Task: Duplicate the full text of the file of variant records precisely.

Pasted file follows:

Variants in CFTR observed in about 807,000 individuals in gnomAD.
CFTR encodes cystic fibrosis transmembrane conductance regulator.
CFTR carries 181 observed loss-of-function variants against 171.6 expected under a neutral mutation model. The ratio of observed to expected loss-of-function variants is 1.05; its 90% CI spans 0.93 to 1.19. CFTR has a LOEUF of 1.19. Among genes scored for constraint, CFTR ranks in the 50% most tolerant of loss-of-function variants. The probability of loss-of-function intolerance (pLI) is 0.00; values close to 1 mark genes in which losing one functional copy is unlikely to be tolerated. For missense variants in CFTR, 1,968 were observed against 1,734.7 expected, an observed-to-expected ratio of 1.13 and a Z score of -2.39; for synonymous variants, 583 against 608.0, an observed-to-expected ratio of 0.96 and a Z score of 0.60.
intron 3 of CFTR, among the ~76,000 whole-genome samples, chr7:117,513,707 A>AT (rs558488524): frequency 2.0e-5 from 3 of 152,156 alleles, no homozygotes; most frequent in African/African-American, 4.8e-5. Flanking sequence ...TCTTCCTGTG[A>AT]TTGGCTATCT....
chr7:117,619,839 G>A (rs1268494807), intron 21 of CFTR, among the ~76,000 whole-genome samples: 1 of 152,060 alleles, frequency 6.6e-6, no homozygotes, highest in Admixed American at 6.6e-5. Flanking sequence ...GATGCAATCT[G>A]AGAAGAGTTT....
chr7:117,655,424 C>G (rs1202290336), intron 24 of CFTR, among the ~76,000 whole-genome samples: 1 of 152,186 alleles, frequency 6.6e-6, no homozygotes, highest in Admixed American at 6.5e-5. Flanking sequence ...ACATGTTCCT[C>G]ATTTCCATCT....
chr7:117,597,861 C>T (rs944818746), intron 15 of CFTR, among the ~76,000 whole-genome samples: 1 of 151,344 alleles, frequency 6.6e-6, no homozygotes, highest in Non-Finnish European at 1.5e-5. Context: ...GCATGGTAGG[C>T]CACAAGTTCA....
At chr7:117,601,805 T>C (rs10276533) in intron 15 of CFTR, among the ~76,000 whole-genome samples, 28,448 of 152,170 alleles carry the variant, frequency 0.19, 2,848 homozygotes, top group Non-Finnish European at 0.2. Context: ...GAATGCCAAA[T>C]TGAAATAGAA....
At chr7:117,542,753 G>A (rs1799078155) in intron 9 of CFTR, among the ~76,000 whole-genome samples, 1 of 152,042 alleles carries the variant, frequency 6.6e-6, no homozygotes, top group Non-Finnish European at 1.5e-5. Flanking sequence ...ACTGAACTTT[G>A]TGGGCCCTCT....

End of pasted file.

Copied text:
Variants in CFTR observed in about 807,000 individuals in gnomAD.
CFTR encodes cystic fibrosis transmembrane conductance regulator.
CFTR carries 181 observed loss-of-function variants against 171.6 expected under a neutral mutation model. The ratio of observed to expected loss-of-function variants is 1.05; its 90% CI spans 0.93 to 1.19. CFTR has a LOEUF of 1.19. Among genes scored for constraint, CFTR ranks in the 50% most tolerant of loss-of-function variants. The probability of loss-of-function intolerance (pLI) is 0.00; values close to 1 mark genes in which losing one functional copy is unlikely to be tolerated. For missense variants in CFTR, 1,968 were observed against 1,734.7 expected, an observed-to-expected ratio of 1.13 and a Z score of -2.39; for synonymous variants, 583 against 608.0, an observed-to-expected ratio of 0.96 and a Z score of 0.60.
intron 3 of CFTR, among the ~76,000 whole-genome samples, chr7:117,513,707 A>AT (rs558488524): frequency 2.0e-5 from 3 of 152,156 alleles, no homozygotes; most frequent in African/African-American, 4.8e-5. Flanking sequence ...TCTTCCTGTG[A>AT]TTGGCTATCT....
chr7:117,619,839 G>A (rs1268494807), intron 21 of CFTR, among the ~76,000 whole-genome samples: 1 of 152,060 alleles, frequency 6.6e-6, no homozygotes, highest in Admixed American at 6.6e-5. Flanking sequence ...GATGCAATCT[G>A]AGAAGAGTTT....
chr7:117,655,424 C>G (rs1202290336), intron 24 of CFTR, among the ~76,000 whole-genome samples: 1 of 152,186 alleles, frequency 6.6e-6, no homozygotes, highest in Admixed American at 6.5e-5. Flanking sequence ...ACATGTTCCT[C>G]ATTTCCATCT....
chr7:117,597,861 C>T (rs944818746), intron 15 of CFTR, among the ~76,000 whole-genome samples: 1 of 151,344 alleles, frequency 6.6e-6, no homozygotes, highest in Non-Finnish European at 1.5e-5. Context: ...GCATGGTAGG[C>T]CACAAGTTCA....
At chr7:117,601,805 T>C (rs10276533) in intron 15 of CFTR, among the ~76,000 whole-genome samples, 28,448 of 152,170 alleles carry the variant, frequency 0.19, 2,848 homozygotes, top group Non-Finnish European at 0.2. Context: ...GAATGCCAAA[T>C]TGAAATAGAA....
At chr7:117,542,753 G>A (rs1799078155) in intron 9 of CFTR, among the ~76,000 whole-genome samples, 1 of 152,042 alleles carries the variant, frequency 6.6e-6, no homozygotes, top group Non-Finnish European at 1.5e-5. Flanking sequence ...ACTGAACTTT[G>A]TGGGCCCTCT....